We must have hid our anxiety well; they called us in a few minutes later. Sprout was restrained with the smallest Velcro straps. I held his tiny hand as they put the mask on. He squirmed and then fell still.
Chris and I waited in the cafeteria. We held food and hot tea in our shaking hands. We shifted back and forth in the sculpted plastic and metal seats. We talked about the hospital, about politics, about everything but the answer to “What if?”
When they called us back, Sprout was lying on a hospital bed. He was so still that I could hardly tell if he was breathing or not. I ached to hug him, but we had to wait for him to come out from under the anesthesia. I hadn’t fed him for hours, so my breasts were sore. As he started to stir, I started to breathe again. I picked him up and cradled him.
Hearing the News
The days waiting for the results dragged on and on. After a few days, the doctor called Chris directly, informing him that the MRI was clear. I was frustrated to hear the news second-hand – it would have felt more concrete to hear it straight from the doctor. Relief washed over me anyway.
We had our follow-up appointment and final report a few weeks ago. This time, the hospital wasn’t so threatening – it offered a potential confirmation of health, not illness. Everything checked out normally. The doctor said he was relieved that nothing had changed. In the report, he said Sprout is a “a delightful young man,” which I thought was an amusing way to describe a nine-month0old.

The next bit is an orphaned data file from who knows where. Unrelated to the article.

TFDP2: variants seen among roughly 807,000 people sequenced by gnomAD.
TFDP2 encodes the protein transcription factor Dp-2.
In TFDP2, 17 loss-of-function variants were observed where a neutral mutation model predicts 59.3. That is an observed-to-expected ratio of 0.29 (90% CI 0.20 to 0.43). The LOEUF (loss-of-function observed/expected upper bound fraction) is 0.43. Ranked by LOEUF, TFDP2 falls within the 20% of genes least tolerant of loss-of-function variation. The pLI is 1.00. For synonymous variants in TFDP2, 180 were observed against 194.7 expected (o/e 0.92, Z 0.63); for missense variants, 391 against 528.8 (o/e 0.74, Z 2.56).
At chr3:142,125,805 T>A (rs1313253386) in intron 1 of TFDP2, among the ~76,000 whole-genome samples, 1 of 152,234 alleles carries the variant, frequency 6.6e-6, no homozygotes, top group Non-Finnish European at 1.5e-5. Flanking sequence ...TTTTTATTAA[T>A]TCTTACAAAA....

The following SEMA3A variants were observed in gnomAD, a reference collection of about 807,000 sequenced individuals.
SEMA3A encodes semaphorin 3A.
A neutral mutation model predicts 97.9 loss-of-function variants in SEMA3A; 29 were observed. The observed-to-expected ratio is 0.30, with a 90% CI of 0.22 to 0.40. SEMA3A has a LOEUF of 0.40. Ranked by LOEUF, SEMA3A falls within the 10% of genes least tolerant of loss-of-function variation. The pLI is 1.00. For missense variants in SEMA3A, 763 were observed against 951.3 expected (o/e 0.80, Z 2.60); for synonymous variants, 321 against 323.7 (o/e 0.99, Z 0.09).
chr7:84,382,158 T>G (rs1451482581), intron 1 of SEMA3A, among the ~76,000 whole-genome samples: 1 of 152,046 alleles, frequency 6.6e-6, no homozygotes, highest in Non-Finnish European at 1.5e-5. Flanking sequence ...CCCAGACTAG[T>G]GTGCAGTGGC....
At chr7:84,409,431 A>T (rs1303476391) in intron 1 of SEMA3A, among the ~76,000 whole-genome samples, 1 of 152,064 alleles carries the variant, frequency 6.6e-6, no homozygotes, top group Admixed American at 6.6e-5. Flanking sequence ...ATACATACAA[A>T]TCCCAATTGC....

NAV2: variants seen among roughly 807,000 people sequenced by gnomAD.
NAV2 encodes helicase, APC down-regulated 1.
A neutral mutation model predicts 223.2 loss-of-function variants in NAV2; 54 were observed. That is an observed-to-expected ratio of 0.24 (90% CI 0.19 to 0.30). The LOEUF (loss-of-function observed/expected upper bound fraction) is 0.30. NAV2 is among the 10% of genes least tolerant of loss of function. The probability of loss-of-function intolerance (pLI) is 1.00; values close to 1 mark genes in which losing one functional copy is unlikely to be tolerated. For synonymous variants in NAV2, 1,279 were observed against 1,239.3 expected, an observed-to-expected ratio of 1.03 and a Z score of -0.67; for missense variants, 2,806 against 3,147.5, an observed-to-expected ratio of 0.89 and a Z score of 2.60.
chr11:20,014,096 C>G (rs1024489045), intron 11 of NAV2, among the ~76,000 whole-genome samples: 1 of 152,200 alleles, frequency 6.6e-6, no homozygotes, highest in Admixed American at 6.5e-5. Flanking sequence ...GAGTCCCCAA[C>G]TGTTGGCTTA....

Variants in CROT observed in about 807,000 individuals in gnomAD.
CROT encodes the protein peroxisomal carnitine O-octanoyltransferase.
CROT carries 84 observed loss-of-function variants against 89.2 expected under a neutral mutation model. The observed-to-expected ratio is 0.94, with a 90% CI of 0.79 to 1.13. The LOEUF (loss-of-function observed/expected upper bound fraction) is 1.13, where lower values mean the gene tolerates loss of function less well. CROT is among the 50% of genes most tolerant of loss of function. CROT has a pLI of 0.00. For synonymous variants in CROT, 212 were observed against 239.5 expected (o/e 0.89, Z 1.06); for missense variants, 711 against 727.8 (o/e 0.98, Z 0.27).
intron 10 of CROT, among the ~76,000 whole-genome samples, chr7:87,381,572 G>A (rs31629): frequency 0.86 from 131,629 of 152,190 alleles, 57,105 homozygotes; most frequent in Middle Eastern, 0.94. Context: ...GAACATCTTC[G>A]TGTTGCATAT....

Now, I look into Sprout’s blue eyes and see an inquisitive baby looking back at me. But behind that beauty, there’s a lurking fear, a reminder of what might have been. Fortunately, I also know that the fear is no match for our love for him. I know even if he was sick, he and his eyes would still be beautiful. Because beauty and love always win out over fear.
Unfortunately, this wasn’t the only struggle our family’s had. I talk about the complications with my second pregnancy over at the Good Mother Project. For hearing more about the joys and the struggles of our experiences as parents, be sure to follow us on Facebook.